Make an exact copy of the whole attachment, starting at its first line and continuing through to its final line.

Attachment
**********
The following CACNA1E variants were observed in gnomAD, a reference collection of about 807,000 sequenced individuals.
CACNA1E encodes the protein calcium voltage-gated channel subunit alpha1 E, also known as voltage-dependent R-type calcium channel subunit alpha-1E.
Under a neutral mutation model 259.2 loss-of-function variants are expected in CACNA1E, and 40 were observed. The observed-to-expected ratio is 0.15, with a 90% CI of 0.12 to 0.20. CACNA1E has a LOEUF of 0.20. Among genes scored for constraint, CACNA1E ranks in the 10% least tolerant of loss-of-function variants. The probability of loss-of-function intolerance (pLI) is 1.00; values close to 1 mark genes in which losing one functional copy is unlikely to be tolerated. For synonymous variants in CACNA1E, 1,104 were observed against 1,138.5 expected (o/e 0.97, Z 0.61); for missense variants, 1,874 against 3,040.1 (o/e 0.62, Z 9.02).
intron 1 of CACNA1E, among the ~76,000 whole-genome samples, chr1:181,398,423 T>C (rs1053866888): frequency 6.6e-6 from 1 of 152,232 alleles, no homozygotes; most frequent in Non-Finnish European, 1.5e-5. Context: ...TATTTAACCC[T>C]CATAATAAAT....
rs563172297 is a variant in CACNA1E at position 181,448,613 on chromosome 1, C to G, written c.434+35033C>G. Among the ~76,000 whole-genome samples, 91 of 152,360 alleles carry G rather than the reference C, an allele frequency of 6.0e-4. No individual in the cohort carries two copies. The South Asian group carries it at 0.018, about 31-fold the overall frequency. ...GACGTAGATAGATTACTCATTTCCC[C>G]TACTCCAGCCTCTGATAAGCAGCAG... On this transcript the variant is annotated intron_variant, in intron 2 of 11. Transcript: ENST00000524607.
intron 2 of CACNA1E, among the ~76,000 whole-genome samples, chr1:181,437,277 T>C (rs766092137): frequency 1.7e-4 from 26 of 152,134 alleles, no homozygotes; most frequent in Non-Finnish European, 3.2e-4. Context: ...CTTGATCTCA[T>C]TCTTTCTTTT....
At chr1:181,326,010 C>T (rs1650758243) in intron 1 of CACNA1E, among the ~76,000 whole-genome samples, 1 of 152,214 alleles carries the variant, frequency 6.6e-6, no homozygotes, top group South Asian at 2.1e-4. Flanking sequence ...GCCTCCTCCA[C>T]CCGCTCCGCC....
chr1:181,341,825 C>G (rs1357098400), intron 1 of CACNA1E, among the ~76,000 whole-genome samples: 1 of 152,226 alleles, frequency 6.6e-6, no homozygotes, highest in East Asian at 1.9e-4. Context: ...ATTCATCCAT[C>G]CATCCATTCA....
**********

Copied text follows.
The following CACNA1E variants were observed in gnomAD, a reference collection of about 807,000 sequenced individuals.
CACNA1E encodes the protein calcium voltage-gated channel subunit alpha1 E, also known as voltage-dependent R-type calcium channel subunit alpha-1E.
Under a neutral mutation model 259.2 loss-of-function variants are expected in CACNA1E, and 40 were observed. The observed-to-expected ratio is 0.15, with a 90% CI of 0.12 to 0.20. CACNA1E has a LOEUF of 0.20. Among genes scored for constraint, CACNA1E ranks in the 10% least tolerant of loss-of-function variants. The probability of loss-of-function intolerance (pLI) is 1.00; values close to 1 mark genes in which losing one functional copy is unlikely to be tolerated. For synonymous variants in CACNA1E, 1,104 were observed against 1,138.5 expected (o/e 0.97, Z 0.61); for missense variants, 1,874 against 3,040.1 (o/e 0.62, Z 9.02).
intron 1 of CACNA1E, among the ~76,000 whole-genome samples, chr1:181,398,423 T>C (rs1053866888): frequency 6.6e-6 from 1 of 152,232 alleles, no homozygotes; most frequent in Non-Finnish European, 1.5e-5. Context: ...TATTTAACCC[T>C]CATAATAAAT....
rs563172297 is a variant in CACNA1E at position 181,448,613 on chromosome 1, C to G, written c.434+35033C>G. Among the ~76,000 whole-genome samples, 91 of 152,360 alleles carry G rather than the reference C, an allele frequency of 6.0e-4. No individual in the cohort carries two copies. The South Asian group carries it at 0.018, about 31-fold the overall frequency. ...GACGTAGATAGATTACTCATTTCCC[C>G]TACTCCAGCCTCTGATAAGCAGCAG... On this transcript the variant is annotated intron_variant, in intron 2 of 11. Transcript: ENST00000524607.
intron 2 of CACNA1E, among the ~76,000 whole-genome samples, chr1:181,437,277 T>C (rs766092137): frequency 1.7e-4 from 26 of 152,134 alleles, no homozygotes; most frequent in Non-Finnish European, 3.2e-4. Context: ...CTTGATCTCA[T>C]TCTTTCTTTT....
At chr1:181,326,010 C>T (rs1650758243) in intron 1 of CACNA1E, among the ~76,000 whole-genome samples, 1 of 152,214 alleles carries the variant, frequency 6.6e-6, no homozygotes, top group South Asian at 2.1e-4. Flanking sequence ...GCCTCCTCCA[C>T]CCGCTCCGCC....
chr1:181,341,825 C>G (rs1357098400), intron 1 of CACNA1E, among the ~76,000 whole-genome samples: 1 of 152,226 alleles, frequency 6.6e-6, no homozygotes, highest in East Asian at 1.9e-4. Context: ...ATTCATCCAT[C>G]CATCCATTCA....